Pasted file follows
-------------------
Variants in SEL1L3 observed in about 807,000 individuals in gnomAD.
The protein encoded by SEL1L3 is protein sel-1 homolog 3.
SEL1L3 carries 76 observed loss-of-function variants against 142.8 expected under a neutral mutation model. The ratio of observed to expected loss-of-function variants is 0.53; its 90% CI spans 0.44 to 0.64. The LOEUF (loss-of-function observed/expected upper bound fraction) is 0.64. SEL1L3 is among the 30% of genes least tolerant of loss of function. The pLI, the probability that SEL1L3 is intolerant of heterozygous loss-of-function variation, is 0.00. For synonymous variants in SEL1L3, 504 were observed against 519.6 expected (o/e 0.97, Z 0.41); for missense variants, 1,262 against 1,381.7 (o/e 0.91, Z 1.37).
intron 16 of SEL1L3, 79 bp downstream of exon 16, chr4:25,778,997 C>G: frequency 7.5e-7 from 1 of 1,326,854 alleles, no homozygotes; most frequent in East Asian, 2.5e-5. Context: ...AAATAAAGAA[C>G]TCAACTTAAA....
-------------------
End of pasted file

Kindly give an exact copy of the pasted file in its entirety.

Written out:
Variants in SEL1L3 observed in about 807,000 individuals in gnomAD.
The protein encoded by SEL1L3 is protein sel-1 homolog 3.
SEL1L3 carries 76 observed loss-of-function variants against 142.8 expected under a neutral mutation model. The ratio of observed to expected loss-of-function variants is 0.53; its 90% CI spans 0.44 to 0.64. The LOEUF (loss-of-function observed/expected upper bound fraction) is 0.64. SEL1L3 is among the 30% of genes least tolerant of loss of function. The pLI, the probability that SEL1L3 is intolerant of heterozygous loss-of-function variation, is 0.00. For synonymous variants in SEL1L3, 504 were observed against 519.6 expected (o/e 0.97, Z 0.41); for missense variants, 1,262 against 1,381.7 (o/e 0.91, Z 1.37).
intron 16 of SEL1L3, 79 bp downstream of exon 16, chr4:25,778,997 C>G: frequency 7.5e-7 from 1 of 1,326,854 alleles, no homozygotes; most frequent in East Asian, 2.5e-5. Context: ...AAATAAAGAA[C>G]TCAACTTAAA....